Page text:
Filling The Gap

Brands make lots of promises about the wages they pay garment workers. But what do their supply chains really look like?


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Fashion Checker is an online app that shows you what your favourite brands pay their workers. Search for the brands you know and love to see how they treat the workers who make their clothes.

CCC has been fighting against exploitation in the garment industry for years. The 'Maximise profits. Minimise costs.' capitalist business structure of fashion production costs workers their lives. The main reason the human rights abuses in garment supply chains have been able to continue unchecked for so long is the complete lack of meaningful transparency. We want to change that.

Fashion Checker puts a spotlight on exploitation in the supply chain, and allows you to tell brands you expect better.

Our goal is to fill the gap between poverty wages and living wages, and between male and female pay. We also want to fill the gap in data at the bottom of the supply chain; No brand releases data on their lowest paid workers.

Help us build more transparency in the fashion industry. Visit fashionchecker.org to take action, and spread the word!


What is the problem?

Over the last few years, there has been an encouraging increase in how transparent fashion brands are on where their clothes are produced. More and more brands are signing the Transparency Pledge and are disclosing their production locations. There are still too many brands that refuse to do so, but there is definite progress.

However, at the same time, there is very little progress to tackle poverty wages. As our research shows, no major clothing brand is able to show that workers making their clothing in Asia, Africa, Central America or Eastern Europe are paid enough to escape the poverty trap.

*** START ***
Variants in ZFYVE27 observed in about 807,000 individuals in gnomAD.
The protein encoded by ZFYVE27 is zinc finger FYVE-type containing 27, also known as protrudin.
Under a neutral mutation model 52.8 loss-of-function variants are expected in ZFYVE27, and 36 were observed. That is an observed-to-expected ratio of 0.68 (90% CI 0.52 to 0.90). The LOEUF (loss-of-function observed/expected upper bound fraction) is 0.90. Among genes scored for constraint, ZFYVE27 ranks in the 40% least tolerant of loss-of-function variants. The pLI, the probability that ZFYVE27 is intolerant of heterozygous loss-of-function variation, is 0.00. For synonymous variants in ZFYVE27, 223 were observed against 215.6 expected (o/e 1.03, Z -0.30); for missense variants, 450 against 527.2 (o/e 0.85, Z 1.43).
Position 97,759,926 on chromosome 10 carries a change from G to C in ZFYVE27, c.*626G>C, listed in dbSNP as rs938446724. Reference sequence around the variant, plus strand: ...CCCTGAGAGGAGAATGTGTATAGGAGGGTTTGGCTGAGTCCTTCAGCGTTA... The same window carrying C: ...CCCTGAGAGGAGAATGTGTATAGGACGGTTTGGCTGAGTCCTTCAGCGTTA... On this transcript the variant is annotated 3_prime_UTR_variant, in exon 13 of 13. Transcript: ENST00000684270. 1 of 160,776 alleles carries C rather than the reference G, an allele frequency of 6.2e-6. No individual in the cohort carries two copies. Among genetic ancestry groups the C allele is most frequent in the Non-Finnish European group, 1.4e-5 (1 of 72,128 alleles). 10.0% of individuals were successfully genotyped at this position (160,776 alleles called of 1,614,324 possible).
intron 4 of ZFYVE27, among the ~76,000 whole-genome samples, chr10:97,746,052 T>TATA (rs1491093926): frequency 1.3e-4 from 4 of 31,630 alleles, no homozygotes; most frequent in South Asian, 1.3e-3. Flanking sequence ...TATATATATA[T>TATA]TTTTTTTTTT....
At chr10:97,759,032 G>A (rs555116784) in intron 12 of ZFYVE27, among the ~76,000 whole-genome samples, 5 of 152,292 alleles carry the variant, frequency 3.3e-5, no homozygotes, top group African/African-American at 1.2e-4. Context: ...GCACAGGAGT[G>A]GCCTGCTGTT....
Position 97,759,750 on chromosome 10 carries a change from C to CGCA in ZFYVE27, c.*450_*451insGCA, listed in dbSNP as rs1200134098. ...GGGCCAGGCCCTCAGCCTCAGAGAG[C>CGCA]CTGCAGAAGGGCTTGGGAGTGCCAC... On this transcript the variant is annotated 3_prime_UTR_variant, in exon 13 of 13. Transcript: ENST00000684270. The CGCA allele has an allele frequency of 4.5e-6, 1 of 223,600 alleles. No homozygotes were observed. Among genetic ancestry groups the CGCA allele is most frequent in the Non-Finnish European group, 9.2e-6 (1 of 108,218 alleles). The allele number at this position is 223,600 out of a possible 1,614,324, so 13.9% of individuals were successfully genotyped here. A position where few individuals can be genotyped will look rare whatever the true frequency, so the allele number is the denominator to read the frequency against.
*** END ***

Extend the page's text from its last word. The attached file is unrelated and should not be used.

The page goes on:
While most brands make statements about a Living Wage in their own Codes of Conduct, those remain mostly empty promises, vague "pilot project" or claims of good intentions. They should do much more, given that only a very small part of the price of clothing actually goes to workers.

Workers deserve better. Consumers deserve better. It is time to use the available data to highlight the issue, and get concrete, meaningful, and measurable wage increases.


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Let's get the facts!

In this campaign, we want to gather evidence and use already existing data to give consumers, workers, civil society groups and others a louder voice in demanding better fashion.

We want to show what brands are doing about the wages in their supply chains, and whether it has real impact where it counts: on the lives of the people making their products, enabling them to lead a dignified life.

We want to encourage brands to be open about where they stand now, what their plans for improvement are, and how they will measure their effect.

We want consumers to have a better insight into what part of the money they are spending ends up with those who are making the products, so they can make sustainable choices.

And we want to do this in a way that involves workers, unions, civil society, consumers and everyone that wants to play an active role in making sure the fashion industry starts provide a decent living for those who need it most.